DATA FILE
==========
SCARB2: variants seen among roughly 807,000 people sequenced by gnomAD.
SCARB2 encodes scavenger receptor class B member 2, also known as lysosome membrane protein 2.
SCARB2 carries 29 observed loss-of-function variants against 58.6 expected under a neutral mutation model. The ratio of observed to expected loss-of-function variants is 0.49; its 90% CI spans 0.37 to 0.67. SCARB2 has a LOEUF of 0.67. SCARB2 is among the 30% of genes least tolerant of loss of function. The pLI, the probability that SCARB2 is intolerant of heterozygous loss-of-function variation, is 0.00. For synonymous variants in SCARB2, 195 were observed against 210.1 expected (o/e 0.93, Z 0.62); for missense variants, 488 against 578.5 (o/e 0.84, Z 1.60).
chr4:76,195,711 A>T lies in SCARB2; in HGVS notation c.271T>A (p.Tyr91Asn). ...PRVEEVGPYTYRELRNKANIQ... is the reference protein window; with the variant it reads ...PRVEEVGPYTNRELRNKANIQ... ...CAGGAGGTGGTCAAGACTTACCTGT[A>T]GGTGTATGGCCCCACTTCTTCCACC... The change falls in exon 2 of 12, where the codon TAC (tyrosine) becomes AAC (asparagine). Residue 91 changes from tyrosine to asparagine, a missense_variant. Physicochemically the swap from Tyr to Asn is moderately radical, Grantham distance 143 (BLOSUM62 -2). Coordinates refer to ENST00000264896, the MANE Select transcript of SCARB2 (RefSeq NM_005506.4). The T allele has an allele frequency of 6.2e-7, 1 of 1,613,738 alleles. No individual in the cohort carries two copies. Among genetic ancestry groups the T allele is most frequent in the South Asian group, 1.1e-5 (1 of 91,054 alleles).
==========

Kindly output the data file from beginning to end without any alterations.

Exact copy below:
SCARB2: variants seen among roughly 807,000 people sequenced by gnomAD.
SCARB2 encodes scavenger receptor class B member 2, also known as lysosome membrane protein 2.
SCARB2 carries 29 observed loss-of-function variants against 58.6 expected under a neutral mutation model. The ratio of observed to expected loss-of-function variants is 0.49; its 90% CI spans 0.37 to 0.67. SCARB2 has a LOEUF of 0.67. SCARB2 is among the 30% of genes least tolerant of loss of function. The pLI, the probability that SCARB2 is intolerant of heterozygous loss-of-function variation, is 0.00. For synonymous variants in SCARB2, 195 were observed against 210.1 expected (o/e 0.93, Z 0.62); for missense variants, 488 against 578.5 (o/e 0.84, Z 1.60).
chr4:76,195,711 A>T lies in SCARB2; in HGVS notation c.271T>A (p.Tyr91Asn). ...PRVEEVGPYTYRELRNKANIQ... is the reference protein window; with the variant it reads ...PRVEEVGPYTNRELRNKANIQ... ...CAGGAGGTGGTCAAGACTTACCTGT[A>T]GGTGTATGGCCCCACTTCTTCCACC... The change falls in exon 2 of 12, where the codon TAC (tyrosine) becomes AAC (asparagine). Residue 91 changes from tyrosine to asparagine, a missense_variant. Physicochemically the swap from Tyr to Asn is moderately radical, Grantham distance 143 (BLOSUM62 -2). Coordinates refer to ENST00000264896, the MANE Select transcript of SCARB2 (RefSeq NM_005506.4). The T allele has an allele frequency of 6.2e-7, 1 of 1,613,738 alleles. No individual in the cohort carries two copies. Among genetic ancestry groups the T allele is most frequent in the South Asian group, 1.1e-5 (1 of 91,054 alleles).